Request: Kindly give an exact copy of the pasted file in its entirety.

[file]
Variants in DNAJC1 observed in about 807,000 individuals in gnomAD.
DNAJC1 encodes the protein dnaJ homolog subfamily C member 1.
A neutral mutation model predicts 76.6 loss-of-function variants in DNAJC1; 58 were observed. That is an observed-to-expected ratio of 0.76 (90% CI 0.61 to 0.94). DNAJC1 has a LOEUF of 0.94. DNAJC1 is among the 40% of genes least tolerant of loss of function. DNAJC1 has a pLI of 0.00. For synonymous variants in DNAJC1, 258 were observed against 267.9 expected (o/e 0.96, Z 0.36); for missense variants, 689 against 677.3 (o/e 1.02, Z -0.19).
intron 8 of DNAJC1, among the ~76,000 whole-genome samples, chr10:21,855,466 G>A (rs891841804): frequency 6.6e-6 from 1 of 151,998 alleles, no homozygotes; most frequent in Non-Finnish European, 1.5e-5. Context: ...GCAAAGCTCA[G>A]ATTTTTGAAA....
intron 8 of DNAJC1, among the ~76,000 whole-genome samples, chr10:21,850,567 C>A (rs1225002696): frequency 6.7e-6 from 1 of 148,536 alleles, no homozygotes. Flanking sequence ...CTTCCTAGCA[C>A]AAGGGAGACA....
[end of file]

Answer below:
Variants in DNAJC1 observed in about 807,000 individuals in gnomAD.
DNAJC1 encodes the protein dnaJ homolog subfamily C member 1.
A neutral mutation model predicts 76.6 loss-of-function variants in DNAJC1; 58 were observed. That is an observed-to-expected ratio of 0.76 (90% CI 0.61 to 0.94). DNAJC1 has a LOEUF of 0.94. DNAJC1 is among the 40% of genes least tolerant of loss of function. DNAJC1 has a pLI of 0.00. For synonymous variants in DNAJC1, 258 were observed against 267.9 expected (o/e 0.96, Z 0.36); for missense variants, 689 against 677.3 (o/e 1.02, Z -0.19).
intron 8 of DNAJC1, among the ~76,000 whole-genome samples, chr10:21,855,466 G>A (rs891841804): frequency 6.6e-6 from 1 of 151,998 alleles, no homozygotes; most frequent in Non-Finnish European, 1.5e-5. Context: ...GCAAAGCTCA[G>A]ATTTTTGAAA....
intron 8 of DNAJC1, among the ~76,000 whole-genome samples, chr10:21,850,567 C>A (rs1225002696): frequency 6.7e-6 from 1 of 148,536 alleles, no homozygotes. Flanking sequence ...CTTCCTAGCA[C>A]AAGGGAGACA....